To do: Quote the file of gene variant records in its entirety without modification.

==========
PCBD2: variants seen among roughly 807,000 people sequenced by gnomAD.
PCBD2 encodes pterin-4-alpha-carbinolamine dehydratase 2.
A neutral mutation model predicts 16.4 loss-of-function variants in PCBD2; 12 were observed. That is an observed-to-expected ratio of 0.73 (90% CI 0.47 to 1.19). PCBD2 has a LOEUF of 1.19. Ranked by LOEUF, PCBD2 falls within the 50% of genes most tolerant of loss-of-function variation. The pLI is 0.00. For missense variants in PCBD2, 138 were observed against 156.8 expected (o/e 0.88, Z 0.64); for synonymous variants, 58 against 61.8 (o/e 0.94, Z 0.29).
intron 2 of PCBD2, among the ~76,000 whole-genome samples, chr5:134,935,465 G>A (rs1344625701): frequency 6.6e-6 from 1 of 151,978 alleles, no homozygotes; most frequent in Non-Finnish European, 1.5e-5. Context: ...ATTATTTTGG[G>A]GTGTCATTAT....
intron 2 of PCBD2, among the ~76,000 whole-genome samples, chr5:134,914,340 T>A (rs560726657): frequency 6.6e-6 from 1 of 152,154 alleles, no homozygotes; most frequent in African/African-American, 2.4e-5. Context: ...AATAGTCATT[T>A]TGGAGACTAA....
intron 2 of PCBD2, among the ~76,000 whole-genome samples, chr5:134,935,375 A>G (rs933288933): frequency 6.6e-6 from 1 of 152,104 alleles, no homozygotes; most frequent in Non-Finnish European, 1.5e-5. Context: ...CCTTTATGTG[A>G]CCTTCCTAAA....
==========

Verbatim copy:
PCBD2: variants seen among roughly 807,000 people sequenced by gnomAD.
PCBD2 encodes pterin-4-alpha-carbinolamine dehydratase 2.
A neutral mutation model predicts 16.4 loss-of-function variants in PCBD2; 12 were observed. That is an observed-to-expected ratio of 0.73 (90% CI 0.47 to 1.19). PCBD2 has a LOEUF of 1.19. Ranked by LOEUF, PCBD2 falls within the 50% of genes most tolerant of loss-of-function variation. The pLI is 0.00. For missense variants in PCBD2, 138 were observed against 156.8 expected (o/e 0.88, Z 0.64); for synonymous variants, 58 against 61.8 (o/e 0.94, Z 0.29).
intron 2 of PCBD2, among the ~76,000 whole-genome samples, chr5:134,935,465 G>A (rs1344625701): frequency 6.6e-6 from 1 of 151,978 alleles, no homozygotes; most frequent in Non-Finnish European, 1.5e-5. Context: ...ATTATTTTGG[G>A]GTGTCATTAT....
intron 2 of PCBD2, among the ~76,000 whole-genome samples, chr5:134,914,340 T>A (rs560726657): frequency 6.6e-6 from 1 of 152,154 alleles, no homozygotes; most frequent in African/African-American, 2.4e-5. Context: ...AATAGTCATT[T>A]TGGAGACTAA....
intron 2 of PCBD2, among the ~76,000 whole-genome samples, chr5:134,935,375 A>G (rs933288933): frequency 6.6e-6 from 1 of 152,104 alleles, no homozygotes; most frequent in Non-Finnish European, 1.5e-5. Context: ...CCTTTATGTG[A>G]CCTTCCTAAA....